A recent study found in the journal JAMA Internal Medicine has found that more white higher-income seniors are getting healthier. This is different, however, with Latino, African-American, as well as lower-income seniors.
The numbers went up; from 42 percent of seniors in good health in 2000, it increased to 48 percent in 2014. This was shown in the elderly who are highly educated, wealthy, and white.
In analyzing the disparities among other factors, Matthew Davis, lead author of the study, points to the effect of economic, social, and environmental considerations. There has been a growing divide in income. Thus, those who are well-off and have received higher education tend to invest in their health more by projecting healthy beliefs and actions. These may include going to a gym, purchasing healthier food choices, and even living in a place with less pollution.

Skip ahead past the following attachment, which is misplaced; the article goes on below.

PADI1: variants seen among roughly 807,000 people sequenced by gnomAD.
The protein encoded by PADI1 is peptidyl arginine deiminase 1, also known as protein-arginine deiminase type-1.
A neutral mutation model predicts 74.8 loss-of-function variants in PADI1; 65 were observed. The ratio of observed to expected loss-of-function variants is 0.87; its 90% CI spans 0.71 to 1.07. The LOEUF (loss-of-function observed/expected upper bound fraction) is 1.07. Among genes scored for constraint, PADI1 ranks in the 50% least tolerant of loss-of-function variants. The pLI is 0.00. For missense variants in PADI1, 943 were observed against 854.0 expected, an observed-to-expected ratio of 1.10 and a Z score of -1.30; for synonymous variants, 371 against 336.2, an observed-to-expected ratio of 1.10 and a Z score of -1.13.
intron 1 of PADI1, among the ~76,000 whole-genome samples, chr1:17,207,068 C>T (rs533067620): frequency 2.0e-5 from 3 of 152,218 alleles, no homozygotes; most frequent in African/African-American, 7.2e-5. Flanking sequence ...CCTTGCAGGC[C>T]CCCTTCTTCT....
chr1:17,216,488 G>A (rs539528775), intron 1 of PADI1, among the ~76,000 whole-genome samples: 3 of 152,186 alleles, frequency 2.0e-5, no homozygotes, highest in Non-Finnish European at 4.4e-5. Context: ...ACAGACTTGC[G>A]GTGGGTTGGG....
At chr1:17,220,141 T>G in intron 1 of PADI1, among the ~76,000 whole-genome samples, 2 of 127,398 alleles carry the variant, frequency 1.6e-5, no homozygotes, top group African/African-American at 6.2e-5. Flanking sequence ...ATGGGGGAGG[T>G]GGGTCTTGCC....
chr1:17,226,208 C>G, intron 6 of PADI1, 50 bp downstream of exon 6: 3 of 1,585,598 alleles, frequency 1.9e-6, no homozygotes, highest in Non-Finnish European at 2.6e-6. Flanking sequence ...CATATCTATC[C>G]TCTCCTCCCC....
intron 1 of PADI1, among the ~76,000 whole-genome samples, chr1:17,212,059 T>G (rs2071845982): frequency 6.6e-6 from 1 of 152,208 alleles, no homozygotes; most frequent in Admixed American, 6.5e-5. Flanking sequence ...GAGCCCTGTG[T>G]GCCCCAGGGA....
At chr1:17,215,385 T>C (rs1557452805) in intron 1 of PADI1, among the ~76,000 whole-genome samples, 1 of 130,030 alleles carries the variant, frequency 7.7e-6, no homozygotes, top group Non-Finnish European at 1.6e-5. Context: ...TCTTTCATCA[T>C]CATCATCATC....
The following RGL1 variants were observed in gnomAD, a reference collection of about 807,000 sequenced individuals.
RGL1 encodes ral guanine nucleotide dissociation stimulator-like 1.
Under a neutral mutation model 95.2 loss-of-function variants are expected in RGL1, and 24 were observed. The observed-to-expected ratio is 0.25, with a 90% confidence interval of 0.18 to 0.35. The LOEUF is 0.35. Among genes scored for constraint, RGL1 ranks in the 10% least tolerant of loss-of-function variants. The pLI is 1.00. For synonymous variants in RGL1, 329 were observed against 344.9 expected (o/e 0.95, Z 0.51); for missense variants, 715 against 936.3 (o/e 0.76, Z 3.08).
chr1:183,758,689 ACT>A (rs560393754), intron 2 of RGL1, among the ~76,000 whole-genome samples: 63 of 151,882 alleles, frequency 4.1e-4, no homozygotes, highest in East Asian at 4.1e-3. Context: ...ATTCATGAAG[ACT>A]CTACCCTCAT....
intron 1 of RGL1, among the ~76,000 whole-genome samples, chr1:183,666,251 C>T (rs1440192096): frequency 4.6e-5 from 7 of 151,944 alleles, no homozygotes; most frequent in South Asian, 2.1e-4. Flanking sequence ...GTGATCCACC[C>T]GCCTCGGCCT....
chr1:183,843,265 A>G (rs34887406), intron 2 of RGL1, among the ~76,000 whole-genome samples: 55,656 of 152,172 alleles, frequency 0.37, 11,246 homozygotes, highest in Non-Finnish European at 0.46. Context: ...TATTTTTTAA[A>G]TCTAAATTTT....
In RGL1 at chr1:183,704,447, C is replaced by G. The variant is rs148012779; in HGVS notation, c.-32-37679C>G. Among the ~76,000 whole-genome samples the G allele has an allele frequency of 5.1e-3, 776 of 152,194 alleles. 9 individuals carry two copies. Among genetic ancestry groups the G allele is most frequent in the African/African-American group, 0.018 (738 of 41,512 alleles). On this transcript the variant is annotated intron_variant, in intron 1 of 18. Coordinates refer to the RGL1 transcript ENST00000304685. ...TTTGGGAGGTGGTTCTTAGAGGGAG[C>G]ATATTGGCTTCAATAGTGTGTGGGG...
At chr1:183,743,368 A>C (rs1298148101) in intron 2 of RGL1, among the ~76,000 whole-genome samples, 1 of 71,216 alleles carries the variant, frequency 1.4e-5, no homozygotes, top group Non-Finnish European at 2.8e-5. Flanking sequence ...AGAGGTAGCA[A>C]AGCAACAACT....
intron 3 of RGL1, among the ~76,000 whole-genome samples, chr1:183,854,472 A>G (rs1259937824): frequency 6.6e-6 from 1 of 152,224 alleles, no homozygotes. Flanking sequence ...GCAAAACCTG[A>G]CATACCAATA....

Applicable or not to all rich, white seniors, it would be helpful for home care services providers and other health care professionals to identify the factors affecting their patients’ health. Whether or not they are rich and white, they deserve to get excellent health care services.